The line memory 36 is used to cumulate data on small sections from X=XP +16 line to X=XP +31.In the course of this cumulation, the CPU 19 can obtain data on the ink amounts for the small sections from X=XP to X=XP +15 by receiving the upper 8 bits out of the 12 bits of the data obtained in the line memory 33 and relating to the ink amounts for the small sections in accordance with their addresses so as to perform the averaging operation of 1/16, for example, through the latch circuit 30Y.
Thereafter, the roles of the line memories 33,36 are alternated sequentially so that sufficient time is obtained for receiving data from the CPU 19.
The thus-obtained data on the amounts of inks for the respective printing plates for the original A are filed and recorded on the floppy disk 22 as data corresponding to the reproduced picture obtained inside the trimming region by the above scanning operation, namely, as two-dimensionally arranged data on a required ink amount sampling region having corresponding addresses in both X-direction and Y-direction with the point P being an origin.
By the way, ink amount data for odd regions fewer than 16 picture elements at the ends of the trimming region in both X- and Y-directions should be thrown away.
It is thus necessary to set each trimming region somewhat wider than its corresponding region required for its pasting-up.
FIG. 8 illustrates by way of example three reproduced pictures A, B and C, which have been reproduced and recorded in the above manner, laid out and pasted up on a layout sheet (one page).
This pasting-up operation is generally effected by manual work. In recent years, layout scanners have however been developed to store the picture data of the reproduced pictures A, B and C on large-capacity magnetic memory disks by central processing units,, thereby performing the pasting-up work electronically. Owing to the development of such layout scanners, the time required for the pasting-up work has been reduced.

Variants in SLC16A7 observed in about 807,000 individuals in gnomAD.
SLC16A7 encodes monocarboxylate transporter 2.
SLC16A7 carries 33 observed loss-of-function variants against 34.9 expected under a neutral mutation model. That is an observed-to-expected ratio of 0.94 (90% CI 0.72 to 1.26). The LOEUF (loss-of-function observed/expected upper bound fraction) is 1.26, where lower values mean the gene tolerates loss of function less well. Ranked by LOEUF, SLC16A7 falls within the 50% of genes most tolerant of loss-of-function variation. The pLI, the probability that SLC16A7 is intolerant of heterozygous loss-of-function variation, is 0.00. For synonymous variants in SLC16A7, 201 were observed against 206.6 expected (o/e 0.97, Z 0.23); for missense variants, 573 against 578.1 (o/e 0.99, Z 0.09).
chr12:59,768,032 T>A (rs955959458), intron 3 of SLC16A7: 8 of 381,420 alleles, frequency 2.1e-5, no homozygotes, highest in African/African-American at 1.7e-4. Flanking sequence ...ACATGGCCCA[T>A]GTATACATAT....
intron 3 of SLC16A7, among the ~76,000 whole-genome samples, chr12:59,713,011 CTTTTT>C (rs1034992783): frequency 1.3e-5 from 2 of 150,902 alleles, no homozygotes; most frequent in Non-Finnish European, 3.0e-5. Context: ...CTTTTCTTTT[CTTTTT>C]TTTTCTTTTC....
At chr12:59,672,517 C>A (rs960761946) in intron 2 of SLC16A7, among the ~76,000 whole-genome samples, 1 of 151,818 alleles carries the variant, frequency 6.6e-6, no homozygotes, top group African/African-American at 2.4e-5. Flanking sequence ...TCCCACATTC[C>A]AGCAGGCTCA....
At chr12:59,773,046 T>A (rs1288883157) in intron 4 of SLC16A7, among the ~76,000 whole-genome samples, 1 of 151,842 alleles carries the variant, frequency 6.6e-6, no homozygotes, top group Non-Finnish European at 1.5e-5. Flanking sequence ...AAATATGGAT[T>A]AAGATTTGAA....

An object of the present invention is to provide a method for determining with ease the amounts of respective inks of different colors on a printing plate to be obtained by manual pasting-up work. This invention can however be readily applied to such a layout scanner by practicing the above method with a computer. First of all, a manual pasting-up operation is dealt with. One example of its procedure will next be described in detail.
In order to simplify the operation, a digitizer 20 and monitor 21 are corrected as peripheral devices to the CPU 19.
The operator places on the digitizer 20 a layout sheet on which layout is to be performed prior to pasting-up. A digitizer cursor designates the trimming starting points PA, PB and PC of the reproduced pictures A,B,C and end points A1,A3, B1,B3 and C1,C3 of the respective effective picture regions.
In the illustrated embodiment, the effective picture regions are rectangular regions extending parallel to the X- and Y-axes. Thus, it is only necessary to define the two end points for each region. If each region should be a closed region of a desired shape, it will be necessary to give a series of coordinates of the closed contour.
Next, end points R,S of the effective region on the layout sheet are input.
The trimming starting points of the respective reproduced pictures A,B,C are located respectively at PA, PB and PC as shown in FIGS. 9(a), 9(b) and 9(c). The amount of an ink for each printing plate is cumulated, for example, from one small section of 16×16 to another small section of 16×16. The thus-obtained ink amounts are stored as data arranged in both X- and Y-directions.
In the next description, the ink amount for the yellow printing plate (Ye) will be determined by way of example out of the respective color printing plates Ye,W,C,K.
In FIG. 9, the arrangements of data on the amounts of the Ye ink for the respective reproduced pictures are represented by DAij, DBij and DCij respectively.
FIG. 10 is a diagram for determining the amount Dkl of the Ye ink out of the respective ink amounts for the small regions on the printing plates. The reproduced pictures are respectively placed inside regions (A1,A2,A3,A4),(B1,B2,B3,B4),(C.sub.1,C2,C3,C4) Outside the above regions, the amount of the ink is set at zero.
First of all, the reproduced picture A is taken into consideration.
Since the small region of the reproduced picture A is coincided with its corresponding small region on the printing plate, the ink amount Dkl for the small region kl is given in terms of DAij by the following equation:
Dkl =DAij (1)
Since the reproduced picture B has been turned on the printing plate, the following equation (2) can first be established in subscript between the ink amount DBi'j', which has been obtained by turning the ink amount data arrangement DBij of FIG. 9(b) over -θB about a center of rotation (it is assumed that the point PB has been designated as the center of rotation), and DBij : ##EQU3## where the values on the right sides shall be rounded up to integers.
The resultant reproduced picture is then fit in the printing plate. It is indicated by a thicker broken line in FIG. 10.
In Equation (2), the operation results of the right sides are rounded up to integers. After the rotation, the reproduced picture B thus takes a form tilted stepwise along the small region on the printing plate.